The Immigrant Poor in the Eyes of “Evangelli Gaudium” (“The Joy of the Gospel”)

Julian Jagudilla, OFM Justice and Peace, Resources

The papacy of Pope Francis has brought new energy and excitement to many in the Church. The Franciscan community gladly joins him in his call for a new evangelization. In this spirit, Holy Name Province has prepared a
number of brief reflections on elements of Pope Francis’ statements and writings, particularly “Evangelii Gaudium.”

Faces of the Poor and Strangers in Our Midst
Ellen came to the U.S. on a tourist visa and over stayed. She is employed illegally but she needed the money for medical treatment for her very ill father. She makes well below minimum wage but cannot complain for fear that her employer will report her to immigration. Now, her father is dying and Ellen wants to go home. But if she leaves, she risks not being allowed to come back to the U.S.

Luisa came on a fiancée visa with a promise from her now husband to petition for her citizenship. Since coming to the U.S. five years ago, her husband has been physically abusive. Luisa’s husband has confiscated her passport and threatens to have her deported if she leaves him.

With no opportunities back home, Ana Maria spent a lot of money to pay the coyote (organized crime that traffics people across the U.S. borders) to get her into the U.S. On the U.S. side, Ana Maria was kept in a “safe house” where her traffickers sexually abused her. At a certain point, Ana Maria’s traffickers allowed her to go to church. She sought refuge at the church but continues to hide from her traffickers who want to take her back.

These are the faceless and nameless poor immigrants who we encounter in our streets. They take the subways and buses with us, they work in convenience stores and local car washes. They are the struggling immigrants and strangers in our midst whose plight for survival is alien to us.

“Evangelii Gaudium” and the Immigrant Poor
Mindful of the plight of poor immigrants, the Catholic Church across the U.S. maintains an open arms policy. The Church is at the forefront of the campaign for Comprehensive Immigration Reform through the creation of Justice for Immigrants, the U.S. Catholic Bishops’ immigration campaign body.

In his latest exhortation, “Evangelii Gaudium” (“The Joy of the Gospel”), Pope Francis indicates that the mission of the Church is to evangelize; that is, “to make the kingdom of God present in our world” today (sic). He insists that this mission to evangelize must include a social dimension; without it “there is a constant risk of distorting the authentic and integral meaning of the mission of evangelization (par. 176).”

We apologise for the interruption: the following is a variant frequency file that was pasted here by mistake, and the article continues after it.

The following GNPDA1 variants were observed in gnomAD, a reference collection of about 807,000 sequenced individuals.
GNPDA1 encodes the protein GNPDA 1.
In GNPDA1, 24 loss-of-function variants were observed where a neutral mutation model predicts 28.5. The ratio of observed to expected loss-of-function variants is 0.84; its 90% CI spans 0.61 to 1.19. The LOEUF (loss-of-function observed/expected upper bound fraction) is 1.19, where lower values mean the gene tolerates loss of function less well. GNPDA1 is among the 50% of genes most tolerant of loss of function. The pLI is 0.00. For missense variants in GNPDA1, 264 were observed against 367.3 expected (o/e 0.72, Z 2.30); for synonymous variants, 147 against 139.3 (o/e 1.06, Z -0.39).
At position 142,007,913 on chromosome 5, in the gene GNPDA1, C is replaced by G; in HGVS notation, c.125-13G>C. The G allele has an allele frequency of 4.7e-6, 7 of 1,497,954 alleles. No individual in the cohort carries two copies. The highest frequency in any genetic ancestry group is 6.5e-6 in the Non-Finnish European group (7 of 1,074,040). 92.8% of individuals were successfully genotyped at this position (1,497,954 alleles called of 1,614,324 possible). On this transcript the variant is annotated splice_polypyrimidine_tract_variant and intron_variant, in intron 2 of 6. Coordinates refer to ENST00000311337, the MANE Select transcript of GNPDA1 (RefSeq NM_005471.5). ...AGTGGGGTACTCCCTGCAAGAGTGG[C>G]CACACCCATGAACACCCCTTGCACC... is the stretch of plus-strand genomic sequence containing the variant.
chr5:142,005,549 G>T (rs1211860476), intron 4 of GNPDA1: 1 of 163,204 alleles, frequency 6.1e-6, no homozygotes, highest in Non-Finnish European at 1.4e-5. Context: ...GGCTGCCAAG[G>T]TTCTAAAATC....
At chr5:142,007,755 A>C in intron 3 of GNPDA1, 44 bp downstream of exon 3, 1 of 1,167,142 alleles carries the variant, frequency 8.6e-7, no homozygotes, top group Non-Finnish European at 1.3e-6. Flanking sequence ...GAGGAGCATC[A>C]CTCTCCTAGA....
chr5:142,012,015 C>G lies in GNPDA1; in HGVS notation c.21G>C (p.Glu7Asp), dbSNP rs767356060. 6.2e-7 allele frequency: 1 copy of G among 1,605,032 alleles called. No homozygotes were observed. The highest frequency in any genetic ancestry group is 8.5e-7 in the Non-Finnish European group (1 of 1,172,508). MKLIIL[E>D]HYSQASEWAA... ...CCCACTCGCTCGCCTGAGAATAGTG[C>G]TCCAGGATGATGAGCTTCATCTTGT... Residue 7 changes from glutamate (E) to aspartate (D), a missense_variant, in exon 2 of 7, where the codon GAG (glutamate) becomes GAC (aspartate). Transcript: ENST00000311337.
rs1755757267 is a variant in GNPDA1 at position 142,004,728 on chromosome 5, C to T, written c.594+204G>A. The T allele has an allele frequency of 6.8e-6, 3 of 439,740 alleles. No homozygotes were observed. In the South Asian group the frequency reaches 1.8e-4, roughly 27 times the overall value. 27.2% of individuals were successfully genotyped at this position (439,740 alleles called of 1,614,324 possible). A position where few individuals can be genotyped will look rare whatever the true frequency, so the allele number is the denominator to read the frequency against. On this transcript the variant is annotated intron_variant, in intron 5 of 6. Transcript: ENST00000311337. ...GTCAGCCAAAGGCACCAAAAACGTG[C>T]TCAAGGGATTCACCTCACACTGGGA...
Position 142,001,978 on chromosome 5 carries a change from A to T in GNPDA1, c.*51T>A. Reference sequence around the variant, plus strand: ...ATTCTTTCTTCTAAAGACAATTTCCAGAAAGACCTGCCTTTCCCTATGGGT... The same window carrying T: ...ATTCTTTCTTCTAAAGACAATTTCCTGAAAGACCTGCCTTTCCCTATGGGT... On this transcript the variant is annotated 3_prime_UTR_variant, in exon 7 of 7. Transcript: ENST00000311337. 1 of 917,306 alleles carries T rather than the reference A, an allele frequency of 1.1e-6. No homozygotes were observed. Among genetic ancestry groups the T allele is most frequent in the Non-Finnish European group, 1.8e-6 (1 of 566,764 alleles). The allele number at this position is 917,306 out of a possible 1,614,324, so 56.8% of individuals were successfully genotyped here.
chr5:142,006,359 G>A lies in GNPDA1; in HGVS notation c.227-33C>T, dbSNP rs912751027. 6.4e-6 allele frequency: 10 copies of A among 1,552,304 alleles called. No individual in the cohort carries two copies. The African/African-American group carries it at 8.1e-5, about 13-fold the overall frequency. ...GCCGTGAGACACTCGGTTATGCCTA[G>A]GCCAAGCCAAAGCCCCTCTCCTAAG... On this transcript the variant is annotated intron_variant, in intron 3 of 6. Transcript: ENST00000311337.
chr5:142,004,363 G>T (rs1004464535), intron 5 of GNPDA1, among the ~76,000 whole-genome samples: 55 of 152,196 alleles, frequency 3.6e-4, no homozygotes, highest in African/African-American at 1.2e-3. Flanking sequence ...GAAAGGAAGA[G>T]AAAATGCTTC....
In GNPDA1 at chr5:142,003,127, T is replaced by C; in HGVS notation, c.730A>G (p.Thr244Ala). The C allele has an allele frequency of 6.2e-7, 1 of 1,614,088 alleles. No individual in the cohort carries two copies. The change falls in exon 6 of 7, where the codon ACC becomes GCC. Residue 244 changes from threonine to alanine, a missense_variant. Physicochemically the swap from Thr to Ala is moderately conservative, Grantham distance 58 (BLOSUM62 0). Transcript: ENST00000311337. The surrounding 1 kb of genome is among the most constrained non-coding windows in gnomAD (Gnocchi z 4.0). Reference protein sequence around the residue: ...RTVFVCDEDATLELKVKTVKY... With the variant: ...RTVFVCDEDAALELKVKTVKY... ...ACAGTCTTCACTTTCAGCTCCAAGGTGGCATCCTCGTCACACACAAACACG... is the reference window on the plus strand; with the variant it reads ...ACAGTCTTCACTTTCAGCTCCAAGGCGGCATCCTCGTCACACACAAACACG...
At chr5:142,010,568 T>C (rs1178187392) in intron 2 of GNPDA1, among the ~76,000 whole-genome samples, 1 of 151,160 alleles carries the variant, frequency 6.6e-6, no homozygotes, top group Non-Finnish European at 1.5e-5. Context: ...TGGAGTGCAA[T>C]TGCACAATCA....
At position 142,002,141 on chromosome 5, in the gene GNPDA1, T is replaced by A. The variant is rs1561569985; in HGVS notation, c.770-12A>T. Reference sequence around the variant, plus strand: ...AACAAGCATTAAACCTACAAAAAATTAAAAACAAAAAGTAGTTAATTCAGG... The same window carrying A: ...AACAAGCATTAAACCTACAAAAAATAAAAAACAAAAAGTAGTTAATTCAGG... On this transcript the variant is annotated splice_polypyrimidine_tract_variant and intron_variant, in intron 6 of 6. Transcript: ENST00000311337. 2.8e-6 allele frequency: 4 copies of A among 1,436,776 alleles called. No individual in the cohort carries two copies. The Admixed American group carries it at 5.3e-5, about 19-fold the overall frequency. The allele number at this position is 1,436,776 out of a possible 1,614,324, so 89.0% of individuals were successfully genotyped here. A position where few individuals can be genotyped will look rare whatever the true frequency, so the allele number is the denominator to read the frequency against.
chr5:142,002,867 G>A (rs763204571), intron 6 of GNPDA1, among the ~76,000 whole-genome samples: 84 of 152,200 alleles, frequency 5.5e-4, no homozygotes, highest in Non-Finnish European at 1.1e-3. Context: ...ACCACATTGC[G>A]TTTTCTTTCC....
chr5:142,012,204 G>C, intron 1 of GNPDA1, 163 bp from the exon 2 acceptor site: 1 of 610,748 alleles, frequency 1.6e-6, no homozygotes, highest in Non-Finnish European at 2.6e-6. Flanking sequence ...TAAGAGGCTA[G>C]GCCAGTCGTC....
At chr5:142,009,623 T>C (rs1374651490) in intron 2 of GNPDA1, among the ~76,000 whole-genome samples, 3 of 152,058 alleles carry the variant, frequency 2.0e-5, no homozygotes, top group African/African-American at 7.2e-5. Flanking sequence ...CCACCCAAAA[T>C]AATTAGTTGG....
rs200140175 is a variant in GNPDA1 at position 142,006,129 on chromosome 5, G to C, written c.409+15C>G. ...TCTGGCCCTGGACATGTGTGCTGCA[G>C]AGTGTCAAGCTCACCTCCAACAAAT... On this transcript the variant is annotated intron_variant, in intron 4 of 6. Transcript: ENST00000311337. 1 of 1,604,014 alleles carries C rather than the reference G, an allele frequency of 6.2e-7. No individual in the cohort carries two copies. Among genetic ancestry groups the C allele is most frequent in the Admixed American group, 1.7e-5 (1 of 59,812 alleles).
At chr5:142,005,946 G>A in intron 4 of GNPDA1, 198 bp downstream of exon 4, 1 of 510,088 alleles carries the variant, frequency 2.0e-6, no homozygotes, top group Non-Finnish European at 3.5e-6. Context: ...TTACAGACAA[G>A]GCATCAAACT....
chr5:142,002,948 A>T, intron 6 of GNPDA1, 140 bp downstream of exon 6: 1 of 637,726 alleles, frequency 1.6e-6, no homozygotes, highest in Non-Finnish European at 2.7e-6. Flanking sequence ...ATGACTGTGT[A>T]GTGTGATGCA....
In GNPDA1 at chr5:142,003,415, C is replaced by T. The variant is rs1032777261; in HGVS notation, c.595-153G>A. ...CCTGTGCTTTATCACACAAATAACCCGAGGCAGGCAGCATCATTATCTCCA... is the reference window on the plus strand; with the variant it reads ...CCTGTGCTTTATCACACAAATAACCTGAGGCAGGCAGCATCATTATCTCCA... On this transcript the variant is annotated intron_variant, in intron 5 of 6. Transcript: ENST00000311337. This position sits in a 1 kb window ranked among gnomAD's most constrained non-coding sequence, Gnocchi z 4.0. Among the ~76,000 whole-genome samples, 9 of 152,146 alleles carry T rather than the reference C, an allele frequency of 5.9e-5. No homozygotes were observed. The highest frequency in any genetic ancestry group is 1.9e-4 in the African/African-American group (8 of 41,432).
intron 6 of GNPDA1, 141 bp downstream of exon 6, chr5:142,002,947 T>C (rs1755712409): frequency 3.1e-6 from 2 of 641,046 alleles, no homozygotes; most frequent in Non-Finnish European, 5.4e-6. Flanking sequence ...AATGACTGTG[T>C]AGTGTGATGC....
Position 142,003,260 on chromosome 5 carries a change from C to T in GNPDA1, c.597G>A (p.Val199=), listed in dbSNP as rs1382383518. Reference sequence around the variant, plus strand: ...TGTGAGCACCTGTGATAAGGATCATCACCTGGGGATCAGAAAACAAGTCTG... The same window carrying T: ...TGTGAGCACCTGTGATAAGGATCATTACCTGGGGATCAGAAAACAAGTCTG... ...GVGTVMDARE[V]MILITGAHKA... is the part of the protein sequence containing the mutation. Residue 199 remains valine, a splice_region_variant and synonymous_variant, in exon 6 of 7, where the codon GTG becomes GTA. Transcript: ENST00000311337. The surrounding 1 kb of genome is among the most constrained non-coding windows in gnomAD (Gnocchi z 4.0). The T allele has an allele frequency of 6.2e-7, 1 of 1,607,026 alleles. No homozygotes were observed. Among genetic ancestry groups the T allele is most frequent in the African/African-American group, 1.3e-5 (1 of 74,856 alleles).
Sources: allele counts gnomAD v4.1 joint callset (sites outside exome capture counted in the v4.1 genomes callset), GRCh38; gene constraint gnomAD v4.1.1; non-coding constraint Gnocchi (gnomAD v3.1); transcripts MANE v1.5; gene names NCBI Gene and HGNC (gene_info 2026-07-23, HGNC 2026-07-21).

Centered on charity, our profession of faith must lead to our commitment to society “to desire, seek and protect the good of others (par. 178).” The Pope encourages all Christians to a “renewed personal encounter with Jesus,” an
encounter that nourishes and authenticates one’s faith through action (par. 5). In essence, we are called to be in solidarity with the poor of the world.
The papal exhortation does not explicitly single out immigrants but when it speaks about the poor having “a special place in God’s people,” it includes immigrants. “God’s heart has a special place for the poor, so much so that he himself ‘became poor’ (2 Cor. 8:9), (par. 197).” Clearly, there is a special place in God’s heart for Ellen, Luisa, Ana Maria and countless, other faceless and nameless immigrants.

The Pope is emphatic in saying, “the Church has made an option for the poor that is understood as a ‘special form of primacy in the exercise of Christian charity’…they have so much to teach us. We need to let ourselves be evangelized by them. We are called to find Christ in them, to lend our voices to their causes, but also to be their friends, to listen to them, to speak for them and to embrace the mysterious wisdom which God wishes to share with us through them (198).”

These are powerful words that help the Migrant Center at the Church of St. Francis of Assisi in New York City see its vision and mission as it engages countless immigrants seeking assistance. For the Migrant Center, like the larger Franciscan and Christian community, this engagement gives life to the words “we need to let ourselves be evangelized by them…to lend our voices to their causes,” an engagement that opens hearts and minds to the mystery of God’s presence in them, the God who walks with them in their struggles for survival and the God who weeps with them when they are abused, oppressed and exploited.